The question of spirituality becomes very important when facing serious illness or chronic illness, especially where "there is not much we can do as doctors," according to Larson, president of the National Institute for Healthcare Research and adjunct professor of psychiatry at Duke University Medical Center in Durham, North Carolina. He added that, "When people have an illness in the United States, God becomes a very important part of who they are."

Physicians are not well equipped to deal with patients with terminal illnesses, according to Larson. "There is much less fear of dying and (our skills) can be much more effective when we begin to address and support this, especially in their last year of life," he said.

The National Institute for Healthcare Research is collaborating with the John Templeton Faith and Medicine Curricular Award Program to help train medical students on how to address the spiritual needs of their patients. Many of the courses include looking at death and dying from different faith traditions.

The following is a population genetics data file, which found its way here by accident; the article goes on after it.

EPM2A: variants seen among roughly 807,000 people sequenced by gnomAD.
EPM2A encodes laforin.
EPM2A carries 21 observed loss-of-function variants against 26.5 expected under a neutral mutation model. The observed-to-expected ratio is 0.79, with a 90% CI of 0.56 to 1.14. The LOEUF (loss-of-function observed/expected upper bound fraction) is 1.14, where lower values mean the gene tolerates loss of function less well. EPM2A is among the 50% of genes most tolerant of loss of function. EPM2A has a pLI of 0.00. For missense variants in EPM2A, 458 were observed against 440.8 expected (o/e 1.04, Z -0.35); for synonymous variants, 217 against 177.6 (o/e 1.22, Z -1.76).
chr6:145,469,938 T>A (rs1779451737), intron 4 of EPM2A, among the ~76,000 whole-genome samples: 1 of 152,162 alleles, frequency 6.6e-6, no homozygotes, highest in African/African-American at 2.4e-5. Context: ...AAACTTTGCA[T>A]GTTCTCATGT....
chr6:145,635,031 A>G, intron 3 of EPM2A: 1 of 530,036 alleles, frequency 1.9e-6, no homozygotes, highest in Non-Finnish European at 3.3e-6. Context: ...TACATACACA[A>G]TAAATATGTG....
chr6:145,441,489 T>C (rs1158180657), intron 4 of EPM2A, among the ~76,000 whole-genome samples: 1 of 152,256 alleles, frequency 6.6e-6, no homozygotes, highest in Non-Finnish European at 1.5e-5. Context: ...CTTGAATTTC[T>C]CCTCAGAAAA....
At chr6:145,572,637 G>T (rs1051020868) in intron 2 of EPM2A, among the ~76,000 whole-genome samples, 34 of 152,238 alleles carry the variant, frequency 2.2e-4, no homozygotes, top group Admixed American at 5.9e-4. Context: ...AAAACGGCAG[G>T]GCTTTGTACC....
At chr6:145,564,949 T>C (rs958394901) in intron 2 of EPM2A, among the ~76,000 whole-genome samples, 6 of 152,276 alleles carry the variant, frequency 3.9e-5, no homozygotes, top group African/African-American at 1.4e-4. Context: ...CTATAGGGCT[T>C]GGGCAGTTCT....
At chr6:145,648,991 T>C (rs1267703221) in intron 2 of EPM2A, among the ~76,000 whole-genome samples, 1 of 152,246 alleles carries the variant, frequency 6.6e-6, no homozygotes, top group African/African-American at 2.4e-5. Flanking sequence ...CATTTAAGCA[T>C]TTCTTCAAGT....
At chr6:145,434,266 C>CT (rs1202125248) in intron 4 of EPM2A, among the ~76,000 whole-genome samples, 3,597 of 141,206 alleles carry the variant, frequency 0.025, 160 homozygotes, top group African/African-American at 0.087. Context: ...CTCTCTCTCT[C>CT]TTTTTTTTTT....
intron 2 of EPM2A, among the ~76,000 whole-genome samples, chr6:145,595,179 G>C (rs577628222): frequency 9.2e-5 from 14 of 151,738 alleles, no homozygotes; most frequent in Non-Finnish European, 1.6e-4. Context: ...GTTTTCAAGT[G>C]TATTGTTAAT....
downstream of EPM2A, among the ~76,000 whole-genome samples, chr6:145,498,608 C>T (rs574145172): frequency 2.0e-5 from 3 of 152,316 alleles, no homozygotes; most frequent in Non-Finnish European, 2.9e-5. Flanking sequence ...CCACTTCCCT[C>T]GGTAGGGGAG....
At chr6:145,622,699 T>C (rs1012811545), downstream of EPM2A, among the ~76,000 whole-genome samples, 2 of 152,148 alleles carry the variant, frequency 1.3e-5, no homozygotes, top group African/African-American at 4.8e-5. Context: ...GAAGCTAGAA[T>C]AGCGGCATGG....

"What we've found is, when we simply show them what to do, how to ask the questions, how to begin to address the issues, there is a lot of receptivity. Many of these medical school courses work with chaplains. That's been unheard of. (Students) will (go on rounds) with chaplains, and these are the most skilled group in dealing with death and dying," Larson told Reuters.

The rapid growth of spirituality in the medical school curriculum is demonstrated by one simple statistic: "Three years ago, only three US medical schools taught courses on religion and spiritual issues; there are now nearly 30," Larson noted.